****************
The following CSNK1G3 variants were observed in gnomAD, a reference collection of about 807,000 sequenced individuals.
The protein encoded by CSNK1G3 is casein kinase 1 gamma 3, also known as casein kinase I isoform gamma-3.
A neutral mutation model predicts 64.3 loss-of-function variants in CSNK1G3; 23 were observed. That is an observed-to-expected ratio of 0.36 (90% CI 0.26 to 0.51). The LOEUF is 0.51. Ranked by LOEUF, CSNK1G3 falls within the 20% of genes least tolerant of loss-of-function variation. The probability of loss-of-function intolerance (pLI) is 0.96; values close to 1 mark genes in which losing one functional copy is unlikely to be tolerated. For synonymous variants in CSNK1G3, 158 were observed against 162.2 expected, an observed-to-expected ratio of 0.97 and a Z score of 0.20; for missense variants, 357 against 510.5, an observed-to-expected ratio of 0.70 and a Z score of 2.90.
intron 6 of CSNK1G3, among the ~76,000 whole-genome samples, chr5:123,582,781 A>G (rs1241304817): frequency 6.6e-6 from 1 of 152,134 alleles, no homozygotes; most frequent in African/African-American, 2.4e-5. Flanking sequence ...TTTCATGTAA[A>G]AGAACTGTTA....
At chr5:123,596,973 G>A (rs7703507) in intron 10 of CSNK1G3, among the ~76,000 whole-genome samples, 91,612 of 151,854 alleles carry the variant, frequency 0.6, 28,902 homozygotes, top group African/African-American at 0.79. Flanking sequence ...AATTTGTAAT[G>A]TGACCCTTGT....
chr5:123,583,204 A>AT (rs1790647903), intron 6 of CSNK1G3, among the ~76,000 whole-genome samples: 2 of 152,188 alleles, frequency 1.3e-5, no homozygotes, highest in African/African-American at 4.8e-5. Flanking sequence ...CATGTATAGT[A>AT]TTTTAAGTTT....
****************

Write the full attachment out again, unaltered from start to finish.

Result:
The following CSNK1G3 variants were observed in gnomAD, a reference collection of about 807,000 sequenced individuals.
The protein encoded by CSNK1G3 is casein kinase 1 gamma 3, also known as casein kinase I isoform gamma-3.
A neutral mutation model predicts 64.3 loss-of-function variants in CSNK1G3; 23 were observed. That is an observed-to-expected ratio of 0.36 (90% CI 0.26 to 0.51). The LOEUF is 0.51. Ranked by LOEUF, CSNK1G3 falls within the 20% of genes least tolerant of loss-of-function variation. The probability of loss-of-function intolerance (pLI) is 0.96; values close to 1 mark genes in which losing one functional copy is unlikely to be tolerated. For synonymous variants in CSNK1G3, 158 were observed against 162.2 expected, an observed-to-expected ratio of 0.97 and a Z score of 0.20; for missense variants, 357 against 510.5, an observed-to-expected ratio of 0.70 and a Z score of 2.90.
intron 6 of CSNK1G3, among the ~76,000 whole-genome samples, chr5:123,582,781 A>G (rs1241304817): frequency 6.6e-6 from 1 of 152,134 alleles, no homozygotes; most frequent in African/African-American, 2.4e-5. Flanking sequence ...TTTCATGTAA[A>G]AGAACTGTTA....
At chr5:123,596,973 G>A (rs7703507) in intron 10 of CSNK1G3, among the ~76,000 whole-genome samples, 91,612 of 151,854 alleles carry the variant, frequency 0.6, 28,902 homozygotes, top group African/African-American at 0.79. Flanking sequence ...AATTTGTAAT[G>A]TGACCCTTGT....
chr5:123,583,204 A>AT (rs1790647903), intron 6 of CSNK1G3, among the ~76,000 whole-genome samples: 2 of 152,188 alleles, frequency 1.3e-5, no homozygotes, highest in African/African-American at 4.8e-5. Flanking sequence ...CATGTATAGT[A>AT]TTTTAAGTTT....